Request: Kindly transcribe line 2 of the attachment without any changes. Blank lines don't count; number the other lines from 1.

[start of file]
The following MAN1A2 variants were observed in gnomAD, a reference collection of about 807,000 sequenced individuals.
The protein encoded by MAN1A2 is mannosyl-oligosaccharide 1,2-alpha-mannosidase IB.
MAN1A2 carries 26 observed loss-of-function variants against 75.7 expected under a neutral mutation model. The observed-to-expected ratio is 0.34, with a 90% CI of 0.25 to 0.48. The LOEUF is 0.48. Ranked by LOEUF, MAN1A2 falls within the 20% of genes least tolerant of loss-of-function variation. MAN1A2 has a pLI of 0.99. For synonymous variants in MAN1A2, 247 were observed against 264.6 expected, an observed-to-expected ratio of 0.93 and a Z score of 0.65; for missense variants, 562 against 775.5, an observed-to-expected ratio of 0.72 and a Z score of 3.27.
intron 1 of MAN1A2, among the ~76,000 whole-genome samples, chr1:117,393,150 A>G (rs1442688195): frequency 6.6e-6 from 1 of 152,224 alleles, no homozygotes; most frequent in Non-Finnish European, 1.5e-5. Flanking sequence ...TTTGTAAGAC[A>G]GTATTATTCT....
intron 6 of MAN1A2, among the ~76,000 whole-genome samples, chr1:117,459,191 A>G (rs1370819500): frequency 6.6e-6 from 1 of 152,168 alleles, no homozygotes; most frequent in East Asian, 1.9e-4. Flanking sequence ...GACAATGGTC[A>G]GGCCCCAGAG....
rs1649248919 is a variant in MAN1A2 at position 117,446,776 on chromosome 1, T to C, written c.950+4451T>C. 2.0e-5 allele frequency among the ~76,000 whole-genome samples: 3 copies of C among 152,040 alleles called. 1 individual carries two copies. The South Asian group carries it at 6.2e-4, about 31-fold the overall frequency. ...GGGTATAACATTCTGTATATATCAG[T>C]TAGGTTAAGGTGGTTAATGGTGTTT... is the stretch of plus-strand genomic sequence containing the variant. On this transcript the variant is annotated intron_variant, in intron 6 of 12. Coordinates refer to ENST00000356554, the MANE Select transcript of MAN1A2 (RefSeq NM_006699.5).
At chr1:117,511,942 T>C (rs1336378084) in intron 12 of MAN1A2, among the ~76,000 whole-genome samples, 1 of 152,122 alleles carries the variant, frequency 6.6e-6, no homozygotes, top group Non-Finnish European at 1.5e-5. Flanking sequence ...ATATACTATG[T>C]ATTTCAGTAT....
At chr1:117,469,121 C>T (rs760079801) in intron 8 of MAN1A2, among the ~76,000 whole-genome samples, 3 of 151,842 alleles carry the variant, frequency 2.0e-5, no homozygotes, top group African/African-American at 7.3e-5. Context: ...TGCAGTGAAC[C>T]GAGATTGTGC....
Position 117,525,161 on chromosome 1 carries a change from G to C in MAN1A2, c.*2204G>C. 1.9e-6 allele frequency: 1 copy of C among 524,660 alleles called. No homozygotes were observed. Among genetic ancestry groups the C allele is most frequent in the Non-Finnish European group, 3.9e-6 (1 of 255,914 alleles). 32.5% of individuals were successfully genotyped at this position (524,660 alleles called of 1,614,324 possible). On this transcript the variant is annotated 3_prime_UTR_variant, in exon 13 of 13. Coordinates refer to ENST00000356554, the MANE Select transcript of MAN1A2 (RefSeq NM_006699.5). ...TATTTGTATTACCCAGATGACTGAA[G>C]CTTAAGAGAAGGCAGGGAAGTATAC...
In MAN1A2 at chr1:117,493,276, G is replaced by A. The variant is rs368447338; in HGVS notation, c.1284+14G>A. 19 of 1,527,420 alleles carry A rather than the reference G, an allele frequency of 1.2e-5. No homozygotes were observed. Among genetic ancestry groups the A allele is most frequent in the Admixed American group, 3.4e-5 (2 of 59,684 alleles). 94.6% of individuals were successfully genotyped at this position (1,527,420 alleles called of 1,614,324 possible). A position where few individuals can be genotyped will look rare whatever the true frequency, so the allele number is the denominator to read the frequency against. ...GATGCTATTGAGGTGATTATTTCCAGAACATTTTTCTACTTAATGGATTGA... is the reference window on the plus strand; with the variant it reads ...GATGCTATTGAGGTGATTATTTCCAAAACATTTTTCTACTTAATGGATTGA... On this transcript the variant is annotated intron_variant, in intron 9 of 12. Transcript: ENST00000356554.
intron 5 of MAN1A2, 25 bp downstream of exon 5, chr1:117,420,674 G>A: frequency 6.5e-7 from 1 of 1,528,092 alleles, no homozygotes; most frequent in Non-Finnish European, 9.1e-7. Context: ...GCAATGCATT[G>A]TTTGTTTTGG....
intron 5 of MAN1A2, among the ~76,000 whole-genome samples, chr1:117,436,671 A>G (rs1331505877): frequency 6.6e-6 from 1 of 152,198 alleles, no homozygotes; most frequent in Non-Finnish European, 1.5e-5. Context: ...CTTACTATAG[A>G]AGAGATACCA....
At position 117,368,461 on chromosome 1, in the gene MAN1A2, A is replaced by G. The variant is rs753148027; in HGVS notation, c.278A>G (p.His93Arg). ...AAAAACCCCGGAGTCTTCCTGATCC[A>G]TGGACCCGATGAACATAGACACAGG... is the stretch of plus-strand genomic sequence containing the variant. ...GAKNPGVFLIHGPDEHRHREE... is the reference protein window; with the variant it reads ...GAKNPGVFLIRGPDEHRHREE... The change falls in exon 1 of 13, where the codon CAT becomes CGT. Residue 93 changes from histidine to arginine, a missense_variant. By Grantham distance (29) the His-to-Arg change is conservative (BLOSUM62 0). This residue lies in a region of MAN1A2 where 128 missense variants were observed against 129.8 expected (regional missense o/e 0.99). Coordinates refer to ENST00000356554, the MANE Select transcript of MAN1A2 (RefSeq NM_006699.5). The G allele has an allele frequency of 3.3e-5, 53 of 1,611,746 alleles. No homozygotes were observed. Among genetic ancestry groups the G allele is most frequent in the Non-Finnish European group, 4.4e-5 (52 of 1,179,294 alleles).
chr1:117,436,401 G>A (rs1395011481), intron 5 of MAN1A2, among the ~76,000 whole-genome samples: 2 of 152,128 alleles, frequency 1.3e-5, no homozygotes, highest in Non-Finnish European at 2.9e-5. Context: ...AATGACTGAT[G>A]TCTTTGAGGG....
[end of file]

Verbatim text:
The protein encoded by MAN1A2 is mannosyl-oligosaccharide 1,2-alpha-mannosidase IB.